Inference is of course just one of many mental processes. And the influence of necessity shown in inference can be traced to other mental processes.
Not that it's presence in other processes is equally plain. And I don't expect this anyway. Inference is concerned with necessity in a unique way.
But necessity, no matter what our first impressions are, is a matter of degree. Between a complete demonstration and a mere accidental conjunction it might be present in many degrees. Rigorous inference approximates a complete demonstration, and assocation by mere contiguity is just an accident.
And between demonstration and accidental conjunction there are many processes in which there is more contingency than in inference, but more necessity than in association.
A painter is painting a landscape that is half-completed, and he finds himself moved to put a tree in the foreground. Is that kind of development normally intelligible? Most painters would not say so.
And it's not an example of pure necessity, but clearly falls somewhere in between.
Let's say someone is afraid of dogs. Through psycho-analysis they discover that at an early age they were badly injured by the attack of a dog. It may come to them as a quasi-intuitive insight that it was this that caused the fear. And let's assume they're right. I can't claim how the fear arose is unintelligible to them.
"Why are modest men grateful? Because they think lightly of their own deserts. This implies a syllogism in Barbara.
All who think lightly of their own deserts are grateful,
Modest men think lightly of their own deserts." (Joseph, Logic, 306)
Does the major premise
All who think lightly of their own deserts are grateful.
express a causal connection or a logical connection?
It expresses both.
If someone we know has low self-esteem becomes grateful for someone else's esteem, is that as surprising, unpredictable, and unintelligible, as if they had started speaking in a Sumerian language or become violent?
I'm not saying that between thinking lightly of oneself and being grateful there is the same simple abstract connection that one finds in geometry. I can't isolate in human nature the precise reciprocating conditions of gratitude, or formulate the rule in anything better than a statement of tendency.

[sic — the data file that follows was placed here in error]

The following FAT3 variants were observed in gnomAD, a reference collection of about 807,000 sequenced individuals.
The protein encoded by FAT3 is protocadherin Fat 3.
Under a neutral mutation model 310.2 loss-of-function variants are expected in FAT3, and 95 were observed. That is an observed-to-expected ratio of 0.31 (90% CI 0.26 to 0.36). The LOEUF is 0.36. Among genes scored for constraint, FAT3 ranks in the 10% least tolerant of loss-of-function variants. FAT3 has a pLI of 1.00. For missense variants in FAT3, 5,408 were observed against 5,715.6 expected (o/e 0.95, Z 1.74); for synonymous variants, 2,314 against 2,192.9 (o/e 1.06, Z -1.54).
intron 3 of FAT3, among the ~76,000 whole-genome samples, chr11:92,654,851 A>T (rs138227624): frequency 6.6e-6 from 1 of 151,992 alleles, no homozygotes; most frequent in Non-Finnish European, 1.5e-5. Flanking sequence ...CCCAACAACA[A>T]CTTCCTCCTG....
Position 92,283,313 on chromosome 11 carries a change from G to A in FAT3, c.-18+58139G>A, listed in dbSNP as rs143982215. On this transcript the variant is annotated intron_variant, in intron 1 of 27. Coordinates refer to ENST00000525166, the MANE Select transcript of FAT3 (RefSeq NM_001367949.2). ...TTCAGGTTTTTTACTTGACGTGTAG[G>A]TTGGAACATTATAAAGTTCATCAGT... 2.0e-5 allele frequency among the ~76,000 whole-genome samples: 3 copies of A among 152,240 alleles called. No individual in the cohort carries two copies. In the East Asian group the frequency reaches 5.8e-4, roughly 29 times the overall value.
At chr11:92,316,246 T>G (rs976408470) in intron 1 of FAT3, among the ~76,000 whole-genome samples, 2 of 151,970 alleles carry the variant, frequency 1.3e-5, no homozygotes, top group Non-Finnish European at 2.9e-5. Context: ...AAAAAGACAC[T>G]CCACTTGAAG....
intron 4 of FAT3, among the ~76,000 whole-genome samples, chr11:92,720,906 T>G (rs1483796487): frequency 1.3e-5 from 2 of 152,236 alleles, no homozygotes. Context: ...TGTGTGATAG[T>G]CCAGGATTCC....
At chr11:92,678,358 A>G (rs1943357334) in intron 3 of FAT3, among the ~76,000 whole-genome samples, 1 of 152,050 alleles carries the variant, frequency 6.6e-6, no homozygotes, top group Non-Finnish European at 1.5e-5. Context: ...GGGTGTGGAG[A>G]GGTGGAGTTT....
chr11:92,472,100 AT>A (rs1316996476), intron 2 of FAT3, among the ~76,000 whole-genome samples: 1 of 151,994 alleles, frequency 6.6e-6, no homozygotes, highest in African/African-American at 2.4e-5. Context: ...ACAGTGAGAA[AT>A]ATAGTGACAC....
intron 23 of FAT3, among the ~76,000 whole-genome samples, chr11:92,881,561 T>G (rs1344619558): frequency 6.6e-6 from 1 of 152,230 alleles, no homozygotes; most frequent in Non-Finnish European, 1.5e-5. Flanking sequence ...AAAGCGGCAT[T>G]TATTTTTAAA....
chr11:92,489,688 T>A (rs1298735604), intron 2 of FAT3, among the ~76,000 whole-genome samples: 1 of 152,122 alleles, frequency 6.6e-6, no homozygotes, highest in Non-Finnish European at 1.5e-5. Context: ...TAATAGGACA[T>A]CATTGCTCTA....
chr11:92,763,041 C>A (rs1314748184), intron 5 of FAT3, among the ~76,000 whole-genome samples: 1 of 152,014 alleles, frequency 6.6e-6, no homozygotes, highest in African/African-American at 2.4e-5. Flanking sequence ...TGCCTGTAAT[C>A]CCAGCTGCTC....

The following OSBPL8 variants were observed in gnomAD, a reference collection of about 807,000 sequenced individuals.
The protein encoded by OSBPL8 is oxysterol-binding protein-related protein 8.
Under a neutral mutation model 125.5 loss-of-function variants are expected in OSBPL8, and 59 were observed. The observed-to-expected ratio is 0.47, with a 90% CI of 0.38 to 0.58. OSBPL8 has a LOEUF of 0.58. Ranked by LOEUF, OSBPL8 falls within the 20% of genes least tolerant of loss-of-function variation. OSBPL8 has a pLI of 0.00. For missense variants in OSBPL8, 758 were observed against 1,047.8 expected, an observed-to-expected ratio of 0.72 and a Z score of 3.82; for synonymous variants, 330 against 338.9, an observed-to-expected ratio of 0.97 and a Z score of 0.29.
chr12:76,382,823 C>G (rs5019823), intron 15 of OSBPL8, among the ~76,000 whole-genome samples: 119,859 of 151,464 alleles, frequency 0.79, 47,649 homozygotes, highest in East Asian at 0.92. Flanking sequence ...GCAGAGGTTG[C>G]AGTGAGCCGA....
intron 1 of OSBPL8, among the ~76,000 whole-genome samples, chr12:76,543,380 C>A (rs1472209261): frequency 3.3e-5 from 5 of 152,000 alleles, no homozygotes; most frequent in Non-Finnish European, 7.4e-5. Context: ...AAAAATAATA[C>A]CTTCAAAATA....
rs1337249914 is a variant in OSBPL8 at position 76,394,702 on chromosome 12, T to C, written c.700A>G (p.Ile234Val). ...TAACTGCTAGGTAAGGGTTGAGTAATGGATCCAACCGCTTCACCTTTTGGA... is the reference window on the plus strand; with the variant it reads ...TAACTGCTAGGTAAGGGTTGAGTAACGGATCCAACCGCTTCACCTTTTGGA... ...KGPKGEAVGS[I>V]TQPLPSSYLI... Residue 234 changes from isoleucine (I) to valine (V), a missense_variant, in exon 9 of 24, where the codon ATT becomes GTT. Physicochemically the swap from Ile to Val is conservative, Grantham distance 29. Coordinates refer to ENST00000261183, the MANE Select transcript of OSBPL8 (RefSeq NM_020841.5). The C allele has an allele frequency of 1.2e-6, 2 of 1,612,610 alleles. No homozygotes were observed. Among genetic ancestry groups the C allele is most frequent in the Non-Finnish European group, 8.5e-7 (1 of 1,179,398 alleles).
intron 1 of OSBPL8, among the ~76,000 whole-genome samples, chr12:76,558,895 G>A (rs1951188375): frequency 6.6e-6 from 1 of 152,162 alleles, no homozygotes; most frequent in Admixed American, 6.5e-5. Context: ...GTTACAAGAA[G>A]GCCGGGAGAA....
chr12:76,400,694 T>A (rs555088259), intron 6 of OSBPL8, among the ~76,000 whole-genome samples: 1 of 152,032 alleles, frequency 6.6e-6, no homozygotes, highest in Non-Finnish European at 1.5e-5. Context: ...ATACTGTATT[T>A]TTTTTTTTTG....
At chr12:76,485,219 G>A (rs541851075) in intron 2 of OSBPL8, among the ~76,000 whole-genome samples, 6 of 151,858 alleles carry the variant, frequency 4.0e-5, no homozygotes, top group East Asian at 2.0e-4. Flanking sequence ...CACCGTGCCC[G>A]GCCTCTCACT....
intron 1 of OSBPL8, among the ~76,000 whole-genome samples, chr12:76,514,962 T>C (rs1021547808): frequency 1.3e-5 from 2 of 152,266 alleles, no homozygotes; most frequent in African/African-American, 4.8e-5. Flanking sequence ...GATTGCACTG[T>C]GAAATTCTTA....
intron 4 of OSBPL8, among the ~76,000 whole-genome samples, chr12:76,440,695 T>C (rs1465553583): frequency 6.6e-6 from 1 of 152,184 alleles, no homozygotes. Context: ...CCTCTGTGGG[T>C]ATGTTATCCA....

But tendency is after all not utter darkness. We do have some insight into why the person of low self-esteem should be grateful for the esteem of others.
We can see and to some extent really understand why an insult tends to anger, why love leads to grief if the object of one's love dies or is untrustworthy, why a success should give pleasure, why the anticipation of physical pain should arouse fear. It does seem more reasonable on other than inductive grounds to suppose that if Ann loves Bob that will tend to make her sorry when Bob dies than to suppose that it will make her intensely glad. . . . At any rate anybody who denies altogether the insight for which I am contending will have to hold that it is just as reasonable to think of love as causing intense joy at the death of the person loved, except that this does not happen in fact.
If the regularity view were true, all practical life would be nonsense. All practical life assumes we can do things and are moved by motives and desires.
For example, to say that some actions are motivated by power is more than saying that some actions generally follow a desire for power.
It is saying:
"Some actions are driven by the desire for power."
does not merely follow, but is itself determined by the desire for power.
Causation is not merely regular sequence, but intrinsic connection as well.
(Ewing, Idealism, 176-178, 161-162)